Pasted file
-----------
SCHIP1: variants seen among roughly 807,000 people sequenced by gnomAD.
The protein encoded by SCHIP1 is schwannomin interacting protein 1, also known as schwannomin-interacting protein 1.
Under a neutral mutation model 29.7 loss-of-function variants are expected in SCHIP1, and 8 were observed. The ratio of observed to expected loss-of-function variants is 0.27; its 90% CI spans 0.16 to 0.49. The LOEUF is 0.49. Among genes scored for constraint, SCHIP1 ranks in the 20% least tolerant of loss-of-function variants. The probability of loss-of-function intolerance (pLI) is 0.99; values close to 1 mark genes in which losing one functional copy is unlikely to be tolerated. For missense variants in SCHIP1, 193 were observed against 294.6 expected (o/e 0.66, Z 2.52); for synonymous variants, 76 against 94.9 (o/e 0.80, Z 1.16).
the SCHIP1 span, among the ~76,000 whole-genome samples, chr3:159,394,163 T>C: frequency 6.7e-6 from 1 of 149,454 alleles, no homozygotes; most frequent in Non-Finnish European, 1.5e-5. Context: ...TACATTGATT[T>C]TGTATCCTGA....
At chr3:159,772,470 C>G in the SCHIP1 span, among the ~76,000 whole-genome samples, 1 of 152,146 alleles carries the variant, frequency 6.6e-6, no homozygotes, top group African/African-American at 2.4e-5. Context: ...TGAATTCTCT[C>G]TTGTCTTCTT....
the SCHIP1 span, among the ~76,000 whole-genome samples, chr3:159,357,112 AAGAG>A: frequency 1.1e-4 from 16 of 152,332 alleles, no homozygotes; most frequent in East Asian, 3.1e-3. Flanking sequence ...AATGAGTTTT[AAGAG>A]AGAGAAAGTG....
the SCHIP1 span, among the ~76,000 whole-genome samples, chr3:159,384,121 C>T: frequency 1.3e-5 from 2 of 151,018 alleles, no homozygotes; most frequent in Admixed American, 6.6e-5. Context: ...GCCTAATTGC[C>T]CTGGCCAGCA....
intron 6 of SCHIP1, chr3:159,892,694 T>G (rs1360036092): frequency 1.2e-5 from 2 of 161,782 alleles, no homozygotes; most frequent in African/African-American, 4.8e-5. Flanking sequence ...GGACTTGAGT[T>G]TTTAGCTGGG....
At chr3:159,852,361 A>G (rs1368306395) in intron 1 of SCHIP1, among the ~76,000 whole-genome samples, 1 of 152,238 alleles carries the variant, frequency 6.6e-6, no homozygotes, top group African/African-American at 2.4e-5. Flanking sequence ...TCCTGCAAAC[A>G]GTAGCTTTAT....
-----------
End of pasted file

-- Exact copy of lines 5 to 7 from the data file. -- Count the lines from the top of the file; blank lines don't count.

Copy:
At chr3:159,772,470 C>G in the SCHIP1 span, among the ~76,000 whole-genome samples, 1 of 152,146 alleles carries the variant, frequency 6.6e-6, no homozygotes, top group African/African-American at 2.4e-5. Context: ...TGAATTCTCT[C>G]TTGTCTTCTT....
the SCHIP1 span, among the ~76,000 whole-genome samples, chr3:159,357,112 AAGAG>A: frequency 1.1e-4 from 16 of 152,332 alleles, no homozygotes; most frequent in East Asian, 3.1e-3. Flanking sequence ...AATGAGTTTT[AAGAG>A]AGAGAAAGTG....
the SCHIP1 span, among the ~76,000 whole-genome samples, chr3:159,384,121 C>T: frequency 1.3e-5 from 2 of 151,018 alleles, no homozygotes; most frequent in Admixed American, 6.6e-5. Context: ...GCCTAATTGC[C>T]CTGGCCAGCA....